By D. Nagasaila & V. Suresh
"Do you know
what sexual harassment is? It means physical contact and making advances;
a demand or request for sexual favours, sexually coloured remarks; showing
pornography; other unwelcome physical, verbal or non-verbal contact of
a sexual nature. Now that you know, start describing your experience in
"How many people raped you in the office? How many people hugged
and kissed you? How may people touched the sensitive organs of your body?
If this has not happened then how do you say you have been sexually harassed"?
"Your complaint is imaginary. It is impossible that a man in such
a high position would stoop to such a level as to touch you".
"Are you not ashamed of making complaints of sexual harassment? Have
you looked at yourself in the mirror? Do you think you are young and beautiful?
Do you expect people to believe that you have been sexually harassed?
"Why do you prefer these complaints? As a woman you must learn to
adjust and not complain. No other woman around you is complaining, so
why are you doing it? You are overreacting and being hypersensitive. It
is better for your career to withdraw this complaint."
These are some real-life experiences of women who complained of sexual
harassment at the work place. Members of committees specially set up to
enquire into allegations of sexual harassment by seniors and colleagues
put these questions. Ironically, according to the victims who dared to
complain, these questions were put to them either in the presence of or
by women members of the committee and even by NGO representatives.
In the last 10 years, there has been a significant induction of women
into the work force. Irrespective of whether they are highly trained women
entering the information technology industry or unskilled women joining
the ranks of labourers in export promotion companies like the garment
and food processing industry, one fact of life is common in a patriarchal
society like ours-the very high and real possibility of sexual advances
and demands by male colleagues. On the occasion of International Women's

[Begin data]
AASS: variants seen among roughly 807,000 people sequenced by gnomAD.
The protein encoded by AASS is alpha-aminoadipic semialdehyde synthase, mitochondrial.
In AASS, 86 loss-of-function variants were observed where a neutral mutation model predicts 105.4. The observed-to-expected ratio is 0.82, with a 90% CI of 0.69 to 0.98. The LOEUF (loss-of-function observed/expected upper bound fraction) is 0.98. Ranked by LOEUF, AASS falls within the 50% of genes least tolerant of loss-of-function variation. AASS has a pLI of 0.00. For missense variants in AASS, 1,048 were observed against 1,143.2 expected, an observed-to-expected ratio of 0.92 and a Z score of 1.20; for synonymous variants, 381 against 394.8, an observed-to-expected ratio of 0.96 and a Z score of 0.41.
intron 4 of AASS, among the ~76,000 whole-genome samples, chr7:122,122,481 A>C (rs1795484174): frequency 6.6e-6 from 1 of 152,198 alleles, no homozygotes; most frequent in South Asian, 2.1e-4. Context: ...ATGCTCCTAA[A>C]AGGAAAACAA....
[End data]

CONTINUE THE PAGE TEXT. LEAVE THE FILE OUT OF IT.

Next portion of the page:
Day, it is relevant, rather crucial, to examine the nature of protection
and scope of action against sexual harassment in the work place.
In 1997, the Supreme Court delivered a landmark judgment on sexual harassment
in work places in "Visakha vs. State of Rajasthan". In this
case, the Supreme Court expressed grave concern over the fact that there
is no legislation to protect victims. Relying on the International Convention
for Elimination of Discrimination Against Women (CEDAW), the Supreme Court
used a set of guidelines to be followed by all institutions until a law
The Apex Court directed that all institutions should set up complaint
mechanisms to deal with complaints of sexual harassment at work places.
This should consist of a committee headed by a woman. The majority of
members should be women. In order to ensure an unbiased enquiry, the Court
directed that the committee should consist of an NGO member with expertise
in women's issues because in most cases, the accused is likely to be a
person in authority.
The Court also held that, apart from holding such behaviour as misconduct
and taking disciplinary action, the complaints mechanism should provide
for a complete solution to the problem. It held that transferring the
woman complainant or the delinquent employee, if the complainant so desired,
providing counseling and awarding compensation or the delinquent employee,
if the complainant so desired, providing counseling and awarding compensation
should be provided.
After the Supreme Court judgment in Maneka Gandhi's case in 1978, this
was a quantum leap in expanding the principle of fairness in procedure.
In this case, for the first time, the apex court expanded the scope of
Article 14 of the constitution, which guaranteed equality before law,
and equal protection of law. The Court observed that the right to equality
would also include the right not to be treated in an arbitrary manner.
In Maneka Gandhi's case, the Court held that while citizen's rights could